Then the door is locked, that is when the bolt is extended as shown in Figs. 1 and 2, both the contacts h and 2' will rest upon the metal bolt E, and if the door be opened by any means, with the parts in the above stated positions, then as soon as the contact M touches the plate N, the circuit will be made from the generator 0, through the line 1, plate N, button M, line 2, contact 71, bolt E, contact t', line 3, hinge 0, line 4 and magnet P back to the generator 0; but the bringing of the magnet P into the circuit will cause its armature Q to be attracted, and the arm '1" to come in contact with the contacts t, to, and to remain in connection with the same by reason of their springing quality, which will cause the main current to shunt and to be short circuited through the line 5, bell V, contact 2., arm 9", contact a, and line 6 and 4: to the generator 0, and causing the bell to ring and to continue ringing even after the door with its button M has passed the plate N, until the mechanism of the alarm V has run down. Then the bolt is extended, the electric connection is made in one part of the line, that is, where the bolt E connects the two contacts h, 2', but said line or circuit is broken or incomplete at the uppor portion of the door, when the latter is shut, for the contact M and plate N are not touching. When the door is open however, with the bolt E out, the upper connection is made and the circuit completed to strike the alarm as above stated. Whenever the door is unlocked, that is with the bolt E drawn, the circuit can never be completed through the bolt E, even if the opening and closing of the door bring the button M and plate N in contact, for one or both of the contacts 7t and i will rest upon the insulation f of the bolt E, and said insultation will break this circuit; but the connection of an electric conductor with the two contacts a, a, when the door is open, even if the bolt be drawn, will complete the circuit between the lines 5 and 3, through lines 7, spring e, contact Ct, inserted conductor, contact a, spring 6, and line 8. A false or uninsulated key that will unlock the door will be all that is necessary for such conductor. The insertion of and unlocking of the door by the proper insulated key F, even if the door be open, will not cause the circuit to be completed as the contacts a, a will be separated by the insulation n of the key.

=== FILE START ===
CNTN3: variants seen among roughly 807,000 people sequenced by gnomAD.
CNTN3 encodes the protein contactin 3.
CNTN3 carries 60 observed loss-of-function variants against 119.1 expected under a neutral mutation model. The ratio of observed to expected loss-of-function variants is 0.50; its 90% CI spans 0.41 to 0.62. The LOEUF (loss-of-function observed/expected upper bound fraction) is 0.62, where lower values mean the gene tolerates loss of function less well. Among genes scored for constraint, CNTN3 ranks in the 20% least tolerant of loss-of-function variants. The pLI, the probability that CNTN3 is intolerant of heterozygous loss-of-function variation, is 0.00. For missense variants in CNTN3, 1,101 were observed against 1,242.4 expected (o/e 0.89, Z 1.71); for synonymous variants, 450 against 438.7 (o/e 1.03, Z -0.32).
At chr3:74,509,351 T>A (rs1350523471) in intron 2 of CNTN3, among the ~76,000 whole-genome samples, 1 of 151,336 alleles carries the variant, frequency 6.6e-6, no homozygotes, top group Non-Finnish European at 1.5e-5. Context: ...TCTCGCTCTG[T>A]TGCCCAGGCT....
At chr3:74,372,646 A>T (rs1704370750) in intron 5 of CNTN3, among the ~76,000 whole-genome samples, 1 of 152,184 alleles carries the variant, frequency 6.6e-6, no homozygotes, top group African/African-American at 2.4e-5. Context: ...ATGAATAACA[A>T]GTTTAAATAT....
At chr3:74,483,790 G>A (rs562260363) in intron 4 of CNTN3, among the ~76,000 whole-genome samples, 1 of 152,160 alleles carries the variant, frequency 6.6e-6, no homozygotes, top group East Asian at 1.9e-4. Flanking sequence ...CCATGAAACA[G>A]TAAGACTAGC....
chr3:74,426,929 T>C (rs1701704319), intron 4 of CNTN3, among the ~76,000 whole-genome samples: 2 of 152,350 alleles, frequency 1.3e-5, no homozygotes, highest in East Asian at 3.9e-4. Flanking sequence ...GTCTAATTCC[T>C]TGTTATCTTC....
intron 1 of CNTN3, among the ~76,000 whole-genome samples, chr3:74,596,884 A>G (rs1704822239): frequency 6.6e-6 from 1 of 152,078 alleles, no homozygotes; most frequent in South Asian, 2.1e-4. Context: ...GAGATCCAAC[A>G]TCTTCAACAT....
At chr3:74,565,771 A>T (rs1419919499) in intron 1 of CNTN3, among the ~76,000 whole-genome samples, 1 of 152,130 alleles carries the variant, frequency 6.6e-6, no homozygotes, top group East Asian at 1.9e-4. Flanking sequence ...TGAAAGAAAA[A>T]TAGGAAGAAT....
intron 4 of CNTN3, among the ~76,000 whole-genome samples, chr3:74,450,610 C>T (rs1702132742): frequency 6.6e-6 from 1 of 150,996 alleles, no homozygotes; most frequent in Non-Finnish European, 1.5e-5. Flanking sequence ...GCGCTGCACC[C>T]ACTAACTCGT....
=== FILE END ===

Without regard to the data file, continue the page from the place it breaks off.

From the above it will be seen that contact must be made at two points before the alarm can be sounded, and this is done by extending or looking the bolt and opening the door or opening the door when unlocked with an uninsulated or false key in the lock, the looking of the door being all that is necessary to set the alarm.